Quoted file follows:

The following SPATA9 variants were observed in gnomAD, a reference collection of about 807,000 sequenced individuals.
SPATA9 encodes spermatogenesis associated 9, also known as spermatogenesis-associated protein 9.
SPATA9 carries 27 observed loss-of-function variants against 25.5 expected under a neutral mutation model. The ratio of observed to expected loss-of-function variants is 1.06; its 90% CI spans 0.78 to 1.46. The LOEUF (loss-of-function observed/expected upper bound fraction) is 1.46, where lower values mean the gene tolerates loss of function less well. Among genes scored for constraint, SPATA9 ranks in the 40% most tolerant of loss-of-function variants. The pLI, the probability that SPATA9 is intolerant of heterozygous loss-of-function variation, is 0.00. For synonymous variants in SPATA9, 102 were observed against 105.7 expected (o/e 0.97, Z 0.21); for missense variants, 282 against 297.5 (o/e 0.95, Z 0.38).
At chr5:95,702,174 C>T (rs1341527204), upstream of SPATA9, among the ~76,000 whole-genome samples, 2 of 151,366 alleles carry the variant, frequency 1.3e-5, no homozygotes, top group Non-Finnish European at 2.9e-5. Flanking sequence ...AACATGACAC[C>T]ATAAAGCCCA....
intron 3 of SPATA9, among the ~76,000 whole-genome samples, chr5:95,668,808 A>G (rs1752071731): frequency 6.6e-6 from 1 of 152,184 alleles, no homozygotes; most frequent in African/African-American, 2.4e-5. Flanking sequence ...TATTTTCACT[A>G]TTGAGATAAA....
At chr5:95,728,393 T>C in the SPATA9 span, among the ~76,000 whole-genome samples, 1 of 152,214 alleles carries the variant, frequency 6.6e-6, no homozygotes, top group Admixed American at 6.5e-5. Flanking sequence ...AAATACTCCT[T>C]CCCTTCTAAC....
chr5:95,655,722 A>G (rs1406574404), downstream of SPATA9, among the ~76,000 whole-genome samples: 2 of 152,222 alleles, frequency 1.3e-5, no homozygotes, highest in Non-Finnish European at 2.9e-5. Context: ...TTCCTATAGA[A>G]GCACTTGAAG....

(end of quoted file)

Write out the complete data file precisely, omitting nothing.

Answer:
The following SPATA9 variants were observed in gnomAD, a reference collection of about 807,000 sequenced individuals.
SPATA9 encodes spermatogenesis associated 9, also known as spermatogenesis-associated protein 9.
SPATA9 carries 27 observed loss-of-function variants against 25.5 expected under a neutral mutation model. The ratio of observed to expected loss-of-function variants is 1.06; its 90% CI spans 0.78 to 1.46. The LOEUF (loss-of-function observed/expected upper bound fraction) is 1.46, where lower values mean the gene tolerates loss of function less well. Among genes scored for constraint, SPATA9 ranks in the 40% most tolerant of loss-of-function variants. The pLI, the probability that SPATA9 is intolerant of heterozygous loss-of-function variation, is 0.00. For synonymous variants in SPATA9, 102 were observed against 105.7 expected (o/e 0.97, Z 0.21); for missense variants, 282 against 297.5 (o/e 0.95, Z 0.38).
At chr5:95,702,174 C>T (rs1341527204), upstream of SPATA9, among the ~76,000 whole-genome samples, 2 of 151,366 alleles carry the variant, frequency 1.3e-5, no homozygotes, top group Non-Finnish European at 2.9e-5. Flanking sequence ...AACATGACAC[C>T]ATAAAGCCCA....
intron 3 of SPATA9, among the ~76,000 whole-genome samples, chr5:95,668,808 A>G (rs1752071731): frequency 6.6e-6 from 1 of 152,184 alleles, no homozygotes; most frequent in African/African-American, 2.4e-5. Flanking sequence ...TATTTTCACT[A>G]TTGAGATAAA....
At chr5:95,728,393 T>C in the SPATA9 span, among the ~76,000 whole-genome samples, 1 of 152,214 alleles carries the variant, frequency 6.6e-6, no homozygotes, top group Admixed American at 6.5e-5. Flanking sequence ...AAATACTCCT[T>C]CCCTTCTAAC....
chr5:95,655,722 A>G (rs1406574404), downstream of SPATA9, among the ~76,000 whole-genome samples: 2 of 152,222 alleles, frequency 1.3e-5, no homozygotes, highest in Non-Finnish European at 2.9e-5. Context: ...TTCCTATAGA[A>G]GCACTTGAAG....